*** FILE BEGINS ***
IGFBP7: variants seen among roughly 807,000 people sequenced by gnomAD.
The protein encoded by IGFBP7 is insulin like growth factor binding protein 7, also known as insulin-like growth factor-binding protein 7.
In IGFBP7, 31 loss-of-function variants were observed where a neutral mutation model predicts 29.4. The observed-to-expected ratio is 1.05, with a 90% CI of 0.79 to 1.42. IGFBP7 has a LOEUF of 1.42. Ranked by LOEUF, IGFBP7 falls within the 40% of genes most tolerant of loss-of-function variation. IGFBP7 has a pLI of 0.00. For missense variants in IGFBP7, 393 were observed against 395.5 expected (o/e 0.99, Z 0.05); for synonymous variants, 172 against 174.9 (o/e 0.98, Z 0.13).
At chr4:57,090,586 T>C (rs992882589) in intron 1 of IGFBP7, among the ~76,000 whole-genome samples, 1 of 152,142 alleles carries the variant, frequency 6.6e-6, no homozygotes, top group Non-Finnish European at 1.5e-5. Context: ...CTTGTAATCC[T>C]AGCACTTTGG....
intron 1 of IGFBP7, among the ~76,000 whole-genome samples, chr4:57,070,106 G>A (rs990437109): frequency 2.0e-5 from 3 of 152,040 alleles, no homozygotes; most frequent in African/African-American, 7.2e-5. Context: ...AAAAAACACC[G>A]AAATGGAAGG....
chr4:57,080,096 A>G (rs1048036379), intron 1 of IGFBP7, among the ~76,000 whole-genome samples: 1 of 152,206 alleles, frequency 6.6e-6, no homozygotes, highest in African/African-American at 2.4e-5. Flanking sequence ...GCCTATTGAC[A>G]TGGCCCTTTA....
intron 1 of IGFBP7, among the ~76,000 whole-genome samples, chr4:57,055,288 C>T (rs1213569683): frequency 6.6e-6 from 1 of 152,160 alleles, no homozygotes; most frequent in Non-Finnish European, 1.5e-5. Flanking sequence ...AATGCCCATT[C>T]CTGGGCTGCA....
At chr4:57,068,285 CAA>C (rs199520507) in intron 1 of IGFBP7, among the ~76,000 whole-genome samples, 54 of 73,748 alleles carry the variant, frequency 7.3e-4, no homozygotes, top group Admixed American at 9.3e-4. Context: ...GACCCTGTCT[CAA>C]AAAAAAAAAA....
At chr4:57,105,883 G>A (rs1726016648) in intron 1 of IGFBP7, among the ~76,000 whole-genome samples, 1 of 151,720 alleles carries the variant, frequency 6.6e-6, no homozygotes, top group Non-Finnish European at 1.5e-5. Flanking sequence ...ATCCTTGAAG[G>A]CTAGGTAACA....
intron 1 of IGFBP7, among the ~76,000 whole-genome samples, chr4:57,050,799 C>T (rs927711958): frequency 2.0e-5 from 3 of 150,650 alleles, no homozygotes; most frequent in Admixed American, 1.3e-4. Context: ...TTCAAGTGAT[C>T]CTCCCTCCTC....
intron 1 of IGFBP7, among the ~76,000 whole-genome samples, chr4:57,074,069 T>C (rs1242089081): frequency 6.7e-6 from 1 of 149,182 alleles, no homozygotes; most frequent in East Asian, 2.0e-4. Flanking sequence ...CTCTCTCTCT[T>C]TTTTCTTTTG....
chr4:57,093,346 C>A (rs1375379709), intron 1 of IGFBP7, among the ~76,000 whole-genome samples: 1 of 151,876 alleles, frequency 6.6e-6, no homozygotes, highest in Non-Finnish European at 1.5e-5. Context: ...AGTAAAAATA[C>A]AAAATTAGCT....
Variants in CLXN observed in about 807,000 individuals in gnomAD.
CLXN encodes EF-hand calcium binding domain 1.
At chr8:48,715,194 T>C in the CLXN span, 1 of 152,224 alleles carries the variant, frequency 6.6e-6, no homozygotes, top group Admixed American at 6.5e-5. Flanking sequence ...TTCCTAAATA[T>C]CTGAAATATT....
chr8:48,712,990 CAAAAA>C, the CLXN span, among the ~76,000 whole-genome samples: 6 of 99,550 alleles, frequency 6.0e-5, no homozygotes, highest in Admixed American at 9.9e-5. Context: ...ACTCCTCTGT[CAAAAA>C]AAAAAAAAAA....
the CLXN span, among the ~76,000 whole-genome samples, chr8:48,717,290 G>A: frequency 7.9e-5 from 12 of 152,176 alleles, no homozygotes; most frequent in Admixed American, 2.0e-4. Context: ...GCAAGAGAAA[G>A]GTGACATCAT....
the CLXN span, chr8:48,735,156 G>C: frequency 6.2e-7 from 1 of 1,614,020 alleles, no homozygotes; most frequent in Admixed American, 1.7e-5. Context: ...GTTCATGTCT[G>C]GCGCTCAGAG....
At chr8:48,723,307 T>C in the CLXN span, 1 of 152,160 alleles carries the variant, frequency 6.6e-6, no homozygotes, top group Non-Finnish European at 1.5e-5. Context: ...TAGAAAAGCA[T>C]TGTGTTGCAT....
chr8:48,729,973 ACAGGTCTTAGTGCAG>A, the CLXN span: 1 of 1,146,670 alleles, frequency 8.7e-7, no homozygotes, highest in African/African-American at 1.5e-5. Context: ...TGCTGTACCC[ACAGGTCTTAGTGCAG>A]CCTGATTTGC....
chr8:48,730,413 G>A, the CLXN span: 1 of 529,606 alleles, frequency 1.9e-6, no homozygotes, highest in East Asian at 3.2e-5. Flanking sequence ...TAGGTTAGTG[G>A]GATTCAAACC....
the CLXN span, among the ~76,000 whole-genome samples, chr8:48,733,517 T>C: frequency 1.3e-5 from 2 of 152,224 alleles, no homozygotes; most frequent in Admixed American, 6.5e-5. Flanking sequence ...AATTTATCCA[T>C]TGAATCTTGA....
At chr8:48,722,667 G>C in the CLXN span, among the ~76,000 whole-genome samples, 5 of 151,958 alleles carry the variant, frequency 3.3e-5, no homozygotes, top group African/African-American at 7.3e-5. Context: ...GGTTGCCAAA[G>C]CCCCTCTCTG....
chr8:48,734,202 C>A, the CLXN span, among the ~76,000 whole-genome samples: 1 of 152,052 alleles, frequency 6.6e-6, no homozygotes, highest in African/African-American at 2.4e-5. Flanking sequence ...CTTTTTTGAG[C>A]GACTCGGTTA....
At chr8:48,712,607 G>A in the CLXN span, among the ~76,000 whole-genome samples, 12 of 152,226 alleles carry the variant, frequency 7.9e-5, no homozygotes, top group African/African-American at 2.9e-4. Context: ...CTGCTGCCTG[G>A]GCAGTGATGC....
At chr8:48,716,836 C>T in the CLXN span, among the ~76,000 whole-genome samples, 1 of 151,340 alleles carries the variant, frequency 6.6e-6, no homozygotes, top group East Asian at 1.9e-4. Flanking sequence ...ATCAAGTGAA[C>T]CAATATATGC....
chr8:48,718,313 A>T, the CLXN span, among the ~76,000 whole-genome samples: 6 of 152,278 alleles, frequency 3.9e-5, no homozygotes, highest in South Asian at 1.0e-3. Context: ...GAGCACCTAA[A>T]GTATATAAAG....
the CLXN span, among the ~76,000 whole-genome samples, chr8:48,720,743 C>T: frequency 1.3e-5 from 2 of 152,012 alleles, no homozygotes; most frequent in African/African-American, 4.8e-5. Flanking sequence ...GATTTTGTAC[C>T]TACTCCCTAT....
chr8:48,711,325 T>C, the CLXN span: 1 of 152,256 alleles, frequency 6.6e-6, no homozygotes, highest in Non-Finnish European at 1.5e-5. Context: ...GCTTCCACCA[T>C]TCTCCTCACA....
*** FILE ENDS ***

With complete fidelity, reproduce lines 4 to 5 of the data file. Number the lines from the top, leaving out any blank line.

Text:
At chr4:57,090,586 T>C (rs992882589) in intron 1 of IGFBP7, among the ~76,000 whole-genome samples, 1 of 152,142 alleles carries the variant, frequency 6.6e-6, no homozygotes, top group Non-Finnish European at 1.5e-5. Context: ...CTTGTAATCC[T>C]AGCACTTTGG....
intron 1 of IGFBP7, among the ~76,000 whole-genome samples, chr4:57,070,106 G>A (rs990437109): frequency 2.0e-5 from 3 of 152,040 alleles, no homozygotes; most frequent in African/African-American, 7.2e-5. Context: ...AAAAAACACC[G>A]AAATGGAAGG....